George Lucas Educational Foundation

WHEA Electric Car: Project-Based Learning on Wheels

High school students learn a variety of academic, communication, and teamwork skills when they build and race a car for the Hawaiian Electric Electron Marathon. More to this story.
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WHEA Electric Car: Project-Based Learning on Wheels (Transcript)

Student: Look at the thing roll, baby. Smooth as a baby's bottom.

Narrator: For the past five years, high schools from the islands of Hawaii have designed and built exotic electric vehicles, and raced them in the Electron Marathon. The team from the West Hawaii Explorations Academy on the Big Island, has won the race twice, and was gunning for another title in 2001.

Student: I'm driving it on our test road, and to give you an idea of what it's like, bumpy, it's a little warm, it's like a greenhouse in here.

Narrator: Each team receives a kit with parts like electric motors, chains and sprockets. They have to supply their own batteries and other parts, and can only spend 2,500 dollars to design and build their car.

Quinn: This wheel is mostly made by WHEA students. We didn't make the spokes, the nipples which are the little spoke nuts, or the rim, however, we did make the hub out of billet aluminum rod, and then I assembled-- I put the spokes onto the rim and tightened it all and trued it, so it's all balanced, so it won't wobble.

Narrator: The electric car project is one of five different projects Quinn is involved with at WHEA.

Quinn: I enjoy having a choice in what I do. It's not just work sheets every day, or something like that, it's hands on, and it's fun stuff, and it's good skills to have, also.

Narrator: One of WHEA's secret weapons is Bill McKown, a retired food executive who came up with the idea for the granola bar.

Quinn: Why is it sparking like that?

Bill: The capacitor is filling up.

Narrator: McKown now serves as a mentor on several WHEA projects.

Bill: I got into helping out the students with some projects, and the main one that we do right now, is an electric car project, which sort of fits my background, so it's very enjoyable for me, to be able to give back some of the skills that I have.

Quinn: This isn't really warm, so--

Bill: Yeah, right, but it shouldn't be warm back here.

It's a very enjoyable thing to be of service to other people, and I find it hard to imagine anything else that could be more enjoyable, frankly.

Narrator: In addition to designing and building their cars, each team must design and build a website which accounts for 30 percent of the team's total score. They also have to give an oral presentation of the car building project. Team members must answer one of three questions they've drawn at random.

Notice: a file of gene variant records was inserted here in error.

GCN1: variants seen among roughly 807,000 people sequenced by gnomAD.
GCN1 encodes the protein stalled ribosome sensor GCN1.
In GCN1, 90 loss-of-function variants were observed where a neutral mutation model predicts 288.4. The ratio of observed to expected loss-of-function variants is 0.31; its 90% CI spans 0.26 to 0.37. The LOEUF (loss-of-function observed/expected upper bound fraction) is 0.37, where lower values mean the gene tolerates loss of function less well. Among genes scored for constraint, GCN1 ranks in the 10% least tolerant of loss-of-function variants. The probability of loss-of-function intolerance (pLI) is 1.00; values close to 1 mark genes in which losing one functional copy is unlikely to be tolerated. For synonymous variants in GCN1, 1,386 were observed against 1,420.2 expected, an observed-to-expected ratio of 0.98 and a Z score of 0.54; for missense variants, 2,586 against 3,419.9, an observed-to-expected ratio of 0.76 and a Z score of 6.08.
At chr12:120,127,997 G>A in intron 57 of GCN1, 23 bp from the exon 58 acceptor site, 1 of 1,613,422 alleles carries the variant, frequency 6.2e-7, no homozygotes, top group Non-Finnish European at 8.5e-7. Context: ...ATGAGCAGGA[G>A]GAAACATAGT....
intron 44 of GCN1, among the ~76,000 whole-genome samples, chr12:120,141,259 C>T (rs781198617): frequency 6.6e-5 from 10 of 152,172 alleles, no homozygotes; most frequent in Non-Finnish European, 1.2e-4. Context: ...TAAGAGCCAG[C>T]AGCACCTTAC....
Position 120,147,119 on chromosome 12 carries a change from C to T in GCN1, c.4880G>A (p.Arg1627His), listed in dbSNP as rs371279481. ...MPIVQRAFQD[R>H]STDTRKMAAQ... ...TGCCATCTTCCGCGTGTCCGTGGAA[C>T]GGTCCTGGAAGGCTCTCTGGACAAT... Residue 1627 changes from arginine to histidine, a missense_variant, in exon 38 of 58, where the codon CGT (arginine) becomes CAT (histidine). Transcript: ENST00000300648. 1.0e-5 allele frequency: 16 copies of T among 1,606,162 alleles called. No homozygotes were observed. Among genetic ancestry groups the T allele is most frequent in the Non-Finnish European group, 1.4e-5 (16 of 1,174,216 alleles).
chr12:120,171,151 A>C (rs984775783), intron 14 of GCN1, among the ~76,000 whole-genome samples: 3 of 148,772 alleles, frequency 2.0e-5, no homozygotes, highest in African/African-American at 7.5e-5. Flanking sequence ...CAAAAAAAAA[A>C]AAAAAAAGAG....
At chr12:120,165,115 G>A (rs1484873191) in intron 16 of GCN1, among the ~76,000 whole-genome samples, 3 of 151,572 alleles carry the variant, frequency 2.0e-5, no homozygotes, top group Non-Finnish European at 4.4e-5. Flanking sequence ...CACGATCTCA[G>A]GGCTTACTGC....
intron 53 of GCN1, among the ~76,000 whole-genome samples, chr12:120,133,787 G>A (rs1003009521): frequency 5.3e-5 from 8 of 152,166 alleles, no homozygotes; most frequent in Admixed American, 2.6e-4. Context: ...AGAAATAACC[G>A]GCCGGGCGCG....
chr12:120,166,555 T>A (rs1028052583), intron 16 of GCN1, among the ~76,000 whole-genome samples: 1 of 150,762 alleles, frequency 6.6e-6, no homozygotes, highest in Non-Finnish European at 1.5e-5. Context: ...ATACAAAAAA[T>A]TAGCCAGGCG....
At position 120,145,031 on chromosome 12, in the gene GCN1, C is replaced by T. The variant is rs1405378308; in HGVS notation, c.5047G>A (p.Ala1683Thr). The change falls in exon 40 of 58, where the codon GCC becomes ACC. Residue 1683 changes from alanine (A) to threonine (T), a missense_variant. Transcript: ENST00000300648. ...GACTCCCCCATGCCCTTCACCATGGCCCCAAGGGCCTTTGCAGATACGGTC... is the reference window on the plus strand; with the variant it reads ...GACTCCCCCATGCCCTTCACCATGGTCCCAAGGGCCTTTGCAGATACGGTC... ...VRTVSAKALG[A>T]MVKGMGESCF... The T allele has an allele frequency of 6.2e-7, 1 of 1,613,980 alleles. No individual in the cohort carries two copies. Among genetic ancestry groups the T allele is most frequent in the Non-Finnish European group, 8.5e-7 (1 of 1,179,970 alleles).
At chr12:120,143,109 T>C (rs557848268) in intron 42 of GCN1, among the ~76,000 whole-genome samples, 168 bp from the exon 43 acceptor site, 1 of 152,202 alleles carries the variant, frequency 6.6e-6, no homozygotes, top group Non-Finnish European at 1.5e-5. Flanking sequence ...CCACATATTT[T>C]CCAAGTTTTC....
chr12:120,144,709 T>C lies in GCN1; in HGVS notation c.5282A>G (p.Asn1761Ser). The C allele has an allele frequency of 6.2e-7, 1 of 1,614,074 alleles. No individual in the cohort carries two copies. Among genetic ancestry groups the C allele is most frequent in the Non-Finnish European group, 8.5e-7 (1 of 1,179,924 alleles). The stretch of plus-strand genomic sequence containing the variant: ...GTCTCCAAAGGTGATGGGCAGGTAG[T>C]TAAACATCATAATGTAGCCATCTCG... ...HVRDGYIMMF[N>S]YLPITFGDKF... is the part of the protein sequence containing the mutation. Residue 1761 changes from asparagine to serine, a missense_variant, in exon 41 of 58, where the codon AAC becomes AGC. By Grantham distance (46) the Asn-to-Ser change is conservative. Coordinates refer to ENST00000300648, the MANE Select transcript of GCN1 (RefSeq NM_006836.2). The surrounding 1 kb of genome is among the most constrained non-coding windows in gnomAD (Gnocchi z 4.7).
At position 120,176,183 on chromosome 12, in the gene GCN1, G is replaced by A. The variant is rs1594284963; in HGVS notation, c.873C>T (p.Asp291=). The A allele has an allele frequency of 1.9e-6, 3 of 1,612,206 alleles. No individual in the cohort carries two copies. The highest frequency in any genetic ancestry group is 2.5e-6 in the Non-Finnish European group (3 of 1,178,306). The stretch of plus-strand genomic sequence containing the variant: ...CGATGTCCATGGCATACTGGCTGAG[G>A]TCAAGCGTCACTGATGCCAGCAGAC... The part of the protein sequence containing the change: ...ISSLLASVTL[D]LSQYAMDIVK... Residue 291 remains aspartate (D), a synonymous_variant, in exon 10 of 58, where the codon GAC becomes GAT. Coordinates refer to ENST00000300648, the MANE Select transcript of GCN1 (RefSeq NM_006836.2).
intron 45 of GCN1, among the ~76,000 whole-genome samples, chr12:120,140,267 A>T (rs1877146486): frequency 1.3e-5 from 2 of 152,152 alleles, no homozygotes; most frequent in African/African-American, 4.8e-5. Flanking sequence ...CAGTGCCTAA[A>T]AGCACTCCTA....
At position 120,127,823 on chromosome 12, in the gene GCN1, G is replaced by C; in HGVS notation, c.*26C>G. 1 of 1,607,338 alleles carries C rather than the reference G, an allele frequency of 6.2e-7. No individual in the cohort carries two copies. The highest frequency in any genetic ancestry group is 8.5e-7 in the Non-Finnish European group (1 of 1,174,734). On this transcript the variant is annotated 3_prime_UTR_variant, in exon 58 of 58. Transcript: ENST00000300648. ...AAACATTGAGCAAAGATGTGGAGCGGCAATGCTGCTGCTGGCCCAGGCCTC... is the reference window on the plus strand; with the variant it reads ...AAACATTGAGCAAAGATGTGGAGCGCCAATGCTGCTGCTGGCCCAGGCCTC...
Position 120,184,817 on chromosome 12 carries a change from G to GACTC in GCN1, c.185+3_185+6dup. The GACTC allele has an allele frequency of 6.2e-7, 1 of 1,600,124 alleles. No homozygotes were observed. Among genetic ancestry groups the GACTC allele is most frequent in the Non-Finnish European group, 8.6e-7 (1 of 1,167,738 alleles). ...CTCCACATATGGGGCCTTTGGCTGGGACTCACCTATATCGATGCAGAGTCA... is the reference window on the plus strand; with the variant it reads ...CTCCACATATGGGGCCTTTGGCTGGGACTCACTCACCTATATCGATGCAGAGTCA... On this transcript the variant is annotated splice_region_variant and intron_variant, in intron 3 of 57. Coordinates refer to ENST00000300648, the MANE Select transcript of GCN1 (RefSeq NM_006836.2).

Student: There's three questions. The first one is, what was the most difficult problem, how was it solved? The second one is, explain how math, science and language arts were integrated, and lastly, what was the good and bad of working together and how did it help or hurt the team?

Announcer: The drivers are psyched, the cars are ready, so let's take a look at the field. Car 911 is Castle High School.

Narrator: The race, which featured 20 entrants, is an energy efficiency competition, rewarding the car that completes the most laps.

Announcer: And Car Number Three, is West Hawaii Explorations Academy. The drivers are ready, the green flag is out, and the race is on. Waialua pulls out immediately and leaves everyone in the dust. Here comes Mid Pac, Car 11, and "Waiakea High School" Waiakea, Car 10, Castle in yellow, then Kahuku, and finally, Kohala. Amazing difference in body design.

Narrator: In the middle of the race, it began to rain, but the weather didn't deter the WHEA car, or the little green machine from Kohala. When the WHEA car pulled into the pits for the mandatory driver change, they discovered they had some brake problems.

Student: Brake pod. No, it's--

Student: Take the outside curve like you taught us, okay? Russell, watch this turn. Go way to the outside.

Announcer: At the 40 minute mark, Sacred Heart has abandoned its body and left it in the pit. They thought their body was rubbing on something and slowing them down.

Narrator: In the end, West Hawaii's sleek red machine fell four laps short of the green bug from Kohala High, but the WHEA team will be back next year on a mission to recapture the cup.

Quinn: I feel that we've learned from our mistakes from last year's race. We're going to work on the car a lot more, do the documentation a lot more, and we're really raring to get first place. I really think we can do it.

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Video Credits

Produced, Written, and Directed by

  • Ken Ellis

Associate Producer:

  • Leigh Iacobucci


  • Karen Sutherland

Camera Crew:

  • John Dobovan
  • Lou Trusty


  • Susan Blake


  • Morgan Ho

Additional footage courtesy of KITV4, Honolulu.

Comments (4) Sign in or register to comment Follow Subscribe to comments via RSS

Anonymous's picture
Anonymous (not verified)

Great presentation of PBL. Would be also great for intro to PBL.

Paul Juniper's picture
Anonymous (not verified)


I am enjoying your videos on project based learning. Is there a way I can view your videos full screen?


SP's picture

Great vid. PBL can be a powerful tool. I think what many people don't realize is that in PBL the point is not just to learn about a certain topic, but also to learn how to work in groups and manage projects. If students don't learn that skill they will get frustrated easily. I bult as a free solution to help students learn PM and give them a networking platform to collaborate.

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